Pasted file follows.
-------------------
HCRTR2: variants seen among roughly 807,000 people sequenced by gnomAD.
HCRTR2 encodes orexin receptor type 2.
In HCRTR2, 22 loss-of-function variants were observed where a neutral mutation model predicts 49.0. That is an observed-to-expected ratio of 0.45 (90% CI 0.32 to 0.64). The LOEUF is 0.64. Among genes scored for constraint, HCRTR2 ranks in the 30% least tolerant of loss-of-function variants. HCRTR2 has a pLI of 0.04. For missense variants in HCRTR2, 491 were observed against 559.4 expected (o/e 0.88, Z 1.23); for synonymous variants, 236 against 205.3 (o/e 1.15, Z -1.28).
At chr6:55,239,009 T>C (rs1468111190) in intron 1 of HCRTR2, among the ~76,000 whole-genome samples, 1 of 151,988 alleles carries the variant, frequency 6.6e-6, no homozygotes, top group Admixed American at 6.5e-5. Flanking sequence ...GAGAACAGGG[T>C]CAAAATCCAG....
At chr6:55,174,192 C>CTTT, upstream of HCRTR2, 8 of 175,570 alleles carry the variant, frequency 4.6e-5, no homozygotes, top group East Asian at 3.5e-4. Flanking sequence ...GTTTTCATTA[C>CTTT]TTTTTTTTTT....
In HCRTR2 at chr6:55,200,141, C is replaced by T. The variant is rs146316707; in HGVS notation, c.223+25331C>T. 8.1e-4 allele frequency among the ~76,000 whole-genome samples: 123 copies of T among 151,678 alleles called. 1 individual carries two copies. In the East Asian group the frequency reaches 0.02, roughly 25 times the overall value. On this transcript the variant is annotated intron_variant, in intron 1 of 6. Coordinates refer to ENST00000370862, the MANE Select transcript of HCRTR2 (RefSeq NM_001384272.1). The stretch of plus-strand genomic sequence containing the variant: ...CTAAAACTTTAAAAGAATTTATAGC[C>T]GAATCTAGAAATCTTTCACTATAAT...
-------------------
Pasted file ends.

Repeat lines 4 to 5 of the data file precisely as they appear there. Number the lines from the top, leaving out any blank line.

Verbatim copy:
At chr6:55,239,009 T>C (rs1468111190) in intron 1 of HCRTR2, among the ~76,000 whole-genome samples, 1 of 151,988 alleles carries the variant, frequency 6.6e-6, no homozygotes, top group Admixed American at 6.5e-5. Flanking sequence ...GAGAACAGGG[T>C]CAAAATCCAG....
At chr6:55,174,192 C>CTTT, upstream of HCRTR2, 8 of 175,570 alleles carry the variant, frequency 4.6e-5, no homozygotes, top group East Asian at 3.5e-4. Flanking sequence ...GTTTTCATTA[C>CTTT]TTTTTTTTTT....